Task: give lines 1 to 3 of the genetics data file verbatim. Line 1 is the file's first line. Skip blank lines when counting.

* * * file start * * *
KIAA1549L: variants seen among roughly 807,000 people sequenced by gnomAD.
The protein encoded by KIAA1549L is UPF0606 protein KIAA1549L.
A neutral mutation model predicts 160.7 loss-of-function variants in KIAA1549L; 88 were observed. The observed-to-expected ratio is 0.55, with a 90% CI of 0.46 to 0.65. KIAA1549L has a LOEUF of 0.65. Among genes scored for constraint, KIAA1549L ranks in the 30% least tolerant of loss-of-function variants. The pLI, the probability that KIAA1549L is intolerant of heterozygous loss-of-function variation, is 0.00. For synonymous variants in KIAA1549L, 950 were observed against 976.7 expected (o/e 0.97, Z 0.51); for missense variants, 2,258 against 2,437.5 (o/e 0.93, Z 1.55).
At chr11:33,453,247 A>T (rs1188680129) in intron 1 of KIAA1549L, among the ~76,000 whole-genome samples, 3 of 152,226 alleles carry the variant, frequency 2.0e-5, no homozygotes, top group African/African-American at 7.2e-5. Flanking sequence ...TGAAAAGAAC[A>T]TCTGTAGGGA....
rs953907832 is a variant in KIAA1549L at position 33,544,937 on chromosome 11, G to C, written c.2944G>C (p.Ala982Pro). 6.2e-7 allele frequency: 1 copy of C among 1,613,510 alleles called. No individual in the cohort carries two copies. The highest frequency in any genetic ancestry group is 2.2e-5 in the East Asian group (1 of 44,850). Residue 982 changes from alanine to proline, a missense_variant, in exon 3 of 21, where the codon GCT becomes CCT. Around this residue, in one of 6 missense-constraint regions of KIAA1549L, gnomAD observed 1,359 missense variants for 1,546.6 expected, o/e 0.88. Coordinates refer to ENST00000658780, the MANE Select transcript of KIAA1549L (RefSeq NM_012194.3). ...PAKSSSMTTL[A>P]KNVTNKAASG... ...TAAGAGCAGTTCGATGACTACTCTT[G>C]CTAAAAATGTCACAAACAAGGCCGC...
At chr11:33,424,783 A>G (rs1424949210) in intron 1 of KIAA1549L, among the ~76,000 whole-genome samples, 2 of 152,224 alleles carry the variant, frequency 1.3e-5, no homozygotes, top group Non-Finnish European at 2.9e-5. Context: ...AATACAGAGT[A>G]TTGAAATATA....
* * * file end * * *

KIAA1549L: variants seen among roughly 807,000 people sequenced by gnomAD.
The protein encoded by KIAA1549L is UPF0606 protein KIAA1549L.
A neutral mutation model predicts 160.7 loss-of-function variants in KIAA1549L; 88 were observed. The observed-to-expected ratio is 0.55, with a 90% CI of 0.46 to 0.65. KIAA1549L has a LOEUF of 0.65. Among genes scored for constraint, KIAA1549L ranks in the 30% least tolerant of loss-of-function variants. The pLI, the probability that KIAA1549L is intolerant of heterozygous loss-of-function variation, is 0.00. For synonymous variants in KIAA1549L, 950 were observed against 976.7 expected (o/e 0.97, Z 0.51); for missense variants, 2,258 against 2,437.5 (o/e 0.93, Z 1.55).